Presentation on theme: "Announcements: Tuesday"— Presentation transcript:
1 Announcements: Tuesday This week in the breakout sessions we will be reviewing market failure and surplus analysis.Case questions are up on Oncourse for all 4 cases.September 17, Eric Rasmusen
2 Assignments: Thursday Read: notes on public goods, Blumenthal article, “The Greasy Pole” for next week.Next breakout: Discuss “The Greasy Pole”, Blumenthal.Case questions are up on Oncourse for all 4 cases.
3 G302, Week 3 Market FailureJuoy 15, 2002 Eric Rasmusen
4 Why does the government care about Pacific Gas and Electric? But they don’t deliver profitsYet electricity prices are highAnd they are in constant trouble about pollutionIt wants to transfer its watersheds to federal instead of state regulation.It wants delay in upgrading pollution control in its Massachusetts plants.Its chromium emissions may have been poisoning people.
5 When do free markets lead to bad results? What you will learn today:When do free markets lead to bad results?Remember, I told you I wasn’t going to teach you how to defend indefensible business practices.
6 Perfect competition requires… Well-Defined Property RightsMany Buyers and Sellers (price takers)Homogeneous ProductsFree EntryPerfect Information (on product, price)No Externalities (no spillovers)Property rights. If they are not defined, or if property is communal when it shouldn’t be, free markets can’t work.Napster. It is hard even to decide what property rights protection maximizes surplus.Overfishing. If nobody owns the fish in an ocean, then fishermen will fish too intensively and not enough fish will be left to breed future fish.
7 Weak property rights leads to: Taking instead of makingLow incentives for effort and innovationProperty rights. If they are not defined, or if property is communal when it shouldn’t be, free markets can’t work.Napster. It is hard even to decide what property rights protection maximizes surplus.Overfishing. If nobody owns the fish in an ocean, then fishermen will fish too intensively and not enough fish will be left to breed future fish.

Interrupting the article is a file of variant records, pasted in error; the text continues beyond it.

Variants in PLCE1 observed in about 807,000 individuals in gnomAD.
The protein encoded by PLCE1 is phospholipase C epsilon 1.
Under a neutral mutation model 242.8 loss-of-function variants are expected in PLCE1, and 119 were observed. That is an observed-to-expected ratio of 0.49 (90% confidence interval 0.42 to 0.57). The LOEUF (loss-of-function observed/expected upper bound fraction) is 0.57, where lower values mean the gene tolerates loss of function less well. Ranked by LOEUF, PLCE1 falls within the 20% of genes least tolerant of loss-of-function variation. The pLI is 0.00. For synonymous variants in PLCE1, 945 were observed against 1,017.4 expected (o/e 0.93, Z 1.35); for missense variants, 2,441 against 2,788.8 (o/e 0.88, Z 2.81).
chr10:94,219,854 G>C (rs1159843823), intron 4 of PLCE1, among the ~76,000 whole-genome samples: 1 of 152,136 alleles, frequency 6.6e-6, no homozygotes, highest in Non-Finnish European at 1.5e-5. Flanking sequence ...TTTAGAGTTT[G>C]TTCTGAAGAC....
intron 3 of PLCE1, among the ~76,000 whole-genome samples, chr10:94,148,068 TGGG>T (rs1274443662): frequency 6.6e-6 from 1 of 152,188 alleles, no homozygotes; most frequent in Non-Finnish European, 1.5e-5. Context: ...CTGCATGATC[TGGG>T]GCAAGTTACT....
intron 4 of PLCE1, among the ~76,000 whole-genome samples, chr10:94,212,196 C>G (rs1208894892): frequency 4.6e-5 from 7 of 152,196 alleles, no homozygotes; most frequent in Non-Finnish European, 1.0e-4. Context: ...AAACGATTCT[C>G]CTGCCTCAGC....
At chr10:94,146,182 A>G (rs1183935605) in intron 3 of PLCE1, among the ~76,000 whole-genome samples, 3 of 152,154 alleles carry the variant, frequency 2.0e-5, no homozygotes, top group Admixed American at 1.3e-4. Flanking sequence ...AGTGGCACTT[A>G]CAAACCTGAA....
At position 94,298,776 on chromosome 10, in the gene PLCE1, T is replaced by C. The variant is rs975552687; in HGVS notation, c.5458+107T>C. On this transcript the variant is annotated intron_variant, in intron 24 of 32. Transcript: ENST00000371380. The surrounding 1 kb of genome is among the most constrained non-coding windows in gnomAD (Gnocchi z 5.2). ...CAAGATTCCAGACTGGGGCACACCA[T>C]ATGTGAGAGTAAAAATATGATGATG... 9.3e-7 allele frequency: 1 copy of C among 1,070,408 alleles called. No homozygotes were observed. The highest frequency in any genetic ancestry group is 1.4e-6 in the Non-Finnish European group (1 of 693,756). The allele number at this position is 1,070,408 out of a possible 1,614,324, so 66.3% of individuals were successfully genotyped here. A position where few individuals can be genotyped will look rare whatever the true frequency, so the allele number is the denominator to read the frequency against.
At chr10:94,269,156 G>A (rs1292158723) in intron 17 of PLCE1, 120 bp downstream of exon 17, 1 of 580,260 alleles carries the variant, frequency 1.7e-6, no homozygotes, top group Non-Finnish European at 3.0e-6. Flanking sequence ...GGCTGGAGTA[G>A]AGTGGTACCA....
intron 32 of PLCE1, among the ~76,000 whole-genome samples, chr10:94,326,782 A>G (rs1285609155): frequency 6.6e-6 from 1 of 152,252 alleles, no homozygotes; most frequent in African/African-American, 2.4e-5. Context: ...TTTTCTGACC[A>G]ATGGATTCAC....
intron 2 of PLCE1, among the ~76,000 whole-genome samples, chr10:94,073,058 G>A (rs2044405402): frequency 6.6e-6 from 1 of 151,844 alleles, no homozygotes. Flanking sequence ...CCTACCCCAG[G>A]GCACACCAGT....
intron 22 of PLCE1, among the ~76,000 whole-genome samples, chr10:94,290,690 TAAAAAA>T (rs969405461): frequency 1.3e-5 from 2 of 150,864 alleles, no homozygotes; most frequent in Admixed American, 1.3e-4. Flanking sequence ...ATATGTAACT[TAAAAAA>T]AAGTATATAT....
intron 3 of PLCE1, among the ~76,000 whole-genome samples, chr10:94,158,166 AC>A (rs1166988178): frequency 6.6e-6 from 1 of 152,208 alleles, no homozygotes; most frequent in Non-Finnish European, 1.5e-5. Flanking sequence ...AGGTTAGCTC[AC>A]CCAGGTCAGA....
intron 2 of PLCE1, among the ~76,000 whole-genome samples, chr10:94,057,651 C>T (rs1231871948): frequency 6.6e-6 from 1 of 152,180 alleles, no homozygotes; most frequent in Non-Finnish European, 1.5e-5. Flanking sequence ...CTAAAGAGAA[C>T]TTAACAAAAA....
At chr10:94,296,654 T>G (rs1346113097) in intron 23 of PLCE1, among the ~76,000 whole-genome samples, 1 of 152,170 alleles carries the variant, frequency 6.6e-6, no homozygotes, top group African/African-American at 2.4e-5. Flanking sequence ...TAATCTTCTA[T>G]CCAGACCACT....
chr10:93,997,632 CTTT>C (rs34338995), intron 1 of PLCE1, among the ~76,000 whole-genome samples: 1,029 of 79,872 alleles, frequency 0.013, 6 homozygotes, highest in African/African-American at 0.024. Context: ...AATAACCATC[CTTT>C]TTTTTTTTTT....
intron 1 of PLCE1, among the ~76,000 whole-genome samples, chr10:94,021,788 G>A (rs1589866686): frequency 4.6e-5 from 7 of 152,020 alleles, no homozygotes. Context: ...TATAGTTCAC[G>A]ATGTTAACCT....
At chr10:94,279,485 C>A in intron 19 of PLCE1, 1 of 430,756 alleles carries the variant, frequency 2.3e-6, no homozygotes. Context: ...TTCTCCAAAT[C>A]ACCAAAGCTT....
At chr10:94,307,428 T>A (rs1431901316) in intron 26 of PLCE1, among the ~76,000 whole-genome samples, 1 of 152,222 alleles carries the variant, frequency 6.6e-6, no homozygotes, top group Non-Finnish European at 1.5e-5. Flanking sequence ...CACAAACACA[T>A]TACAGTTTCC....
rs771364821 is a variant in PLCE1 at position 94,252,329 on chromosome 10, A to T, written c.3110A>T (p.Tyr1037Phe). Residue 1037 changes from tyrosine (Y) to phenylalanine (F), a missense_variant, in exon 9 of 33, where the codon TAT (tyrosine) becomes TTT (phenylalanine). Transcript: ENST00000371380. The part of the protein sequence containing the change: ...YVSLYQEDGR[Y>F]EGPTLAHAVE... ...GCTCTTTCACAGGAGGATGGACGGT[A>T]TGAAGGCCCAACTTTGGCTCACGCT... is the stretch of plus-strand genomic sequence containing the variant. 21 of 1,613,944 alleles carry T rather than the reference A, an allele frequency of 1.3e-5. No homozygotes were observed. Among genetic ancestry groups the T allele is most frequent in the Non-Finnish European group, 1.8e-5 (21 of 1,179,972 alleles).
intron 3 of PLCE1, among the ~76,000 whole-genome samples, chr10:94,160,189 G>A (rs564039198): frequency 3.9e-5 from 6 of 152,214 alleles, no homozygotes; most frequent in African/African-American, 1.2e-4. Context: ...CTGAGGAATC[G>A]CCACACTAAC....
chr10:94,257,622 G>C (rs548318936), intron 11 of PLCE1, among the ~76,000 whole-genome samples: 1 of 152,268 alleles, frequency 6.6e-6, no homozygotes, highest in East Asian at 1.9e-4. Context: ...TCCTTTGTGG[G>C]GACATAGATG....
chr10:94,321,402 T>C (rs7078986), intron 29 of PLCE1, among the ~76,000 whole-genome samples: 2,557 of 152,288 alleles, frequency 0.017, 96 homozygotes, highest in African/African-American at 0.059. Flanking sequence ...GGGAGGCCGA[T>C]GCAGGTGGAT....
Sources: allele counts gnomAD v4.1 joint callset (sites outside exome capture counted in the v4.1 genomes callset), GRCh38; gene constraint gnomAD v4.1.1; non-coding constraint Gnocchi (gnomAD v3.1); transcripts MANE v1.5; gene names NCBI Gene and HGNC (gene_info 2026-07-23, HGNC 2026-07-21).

8 Perfect competition requires… Well-Defined Property RightsMany Buyers and Sellers (price takers)Homogeneous ProductsFree EntryPerfect Information (on product, price)No Externalities (no spillovers)MARKET POWERAll 3 things are related.Napster. It is hard even to decide what property rights protection maximizes surplus.Overfishing. If nobody owns the fish in an ocean, then fishermen will fish too intensively and not enough fish will be left to breed future fish.A firm has market power ifit can affect the price byhow much it sells
9 Choosing how much to sell MC = PA price taker picks Q so _______A firm with market power picks Q _________, so MC = marginal revenuesmaller
10 A price-taking firm supply P P average cost P* market price profit demandmarginal cost (supply)QQfirmmarketQ*Q*firmmarketMarket ScaleFirm-Level Scale
11 New firms enter... MC S P S’ P AC average cost P* market price P*’ demandThe price settles down to P=MC=AC.If some firm has higher costs, it must exit.marginal cost (supply)QQfirmmarketQ*Q*’Q*’Q*Market ScaleFirm-Level Scale
12 What if entry is blocked? Costs and prices stay high. The market fails to maximize surplus.Why might entry be blocked?Government regulationPredatory pricing and other anticompetitive tacticsViolenceStudents have this slide.
13 A Monopoly’s Use of Market Power Price-Taking Firm:CS = ______PS =_______A+B+DC+EMonopoly orCartel:CS =____PS = ____DWL= ____Use an overhead here.AB+CD+EThe Problem:____________________Monopolies reduce tradeReadings: Figure 13.1
14 Imperfect Information If consumers lack information about products, they may buy products that yield negative consumer surplus.SupplyCS = -A-BPS= ADWL= BPerceived valueBAActual value
15 What if producers differ? High-quality producers will have to leave the market if their costs are higherConsumers may stop buying altogether, knowing this
16 Examples of Info Problems Firestone tiresDiet drugsQuality of doctors, dentists, lawyersInitial public offeringsUsed cars
17 The principal-agent problem What if you can’t watch your employees all the time to see if they’re working hard?They know the effort they are selling you, but you don’tSolutions? (write on a notecard)Here, the problem is that the person COULD be high quality, but might not put the effort out
18 Externalities (spillovers) Two people exchange a good, but _______________ are also affectedIf external effects are__________, markets produce_____________ tradeIf external effects are ____________, markets produce _____________tradethird partiesharmfultoo muchbeneficialGo to the overheads again here.Some good such as pollution is unpriced in the market-- it is not bought or sold.too little
19 A $3/unit negative externality social costsupply+$3/unitThe __________is thesupply cost plus theexternality costPsupply23DWL22efficientcompetitiveWith a negativeexternality, outputis ____________20Beyond output of 100, the gains from trade are less than $3, the cost to third parties.Tomaximize surplus, usethe social cost curve,not the supply curve.How would you show the effect of a positive externality on a graph?Will a firm produce too much output if it both has market power and pollutes?Extra questions:too highdemandQ100120Readings: Figure 13.5
20 Examples of Externalities NegativePositiveNegativeToxic wastes (-)Car exhaust (-)Party noise next door when you want to sleep (-)PositiveHome landscaping (+)New users of a high-tech system (+)If there is extra time: what is the most confusing concept of this lecture?
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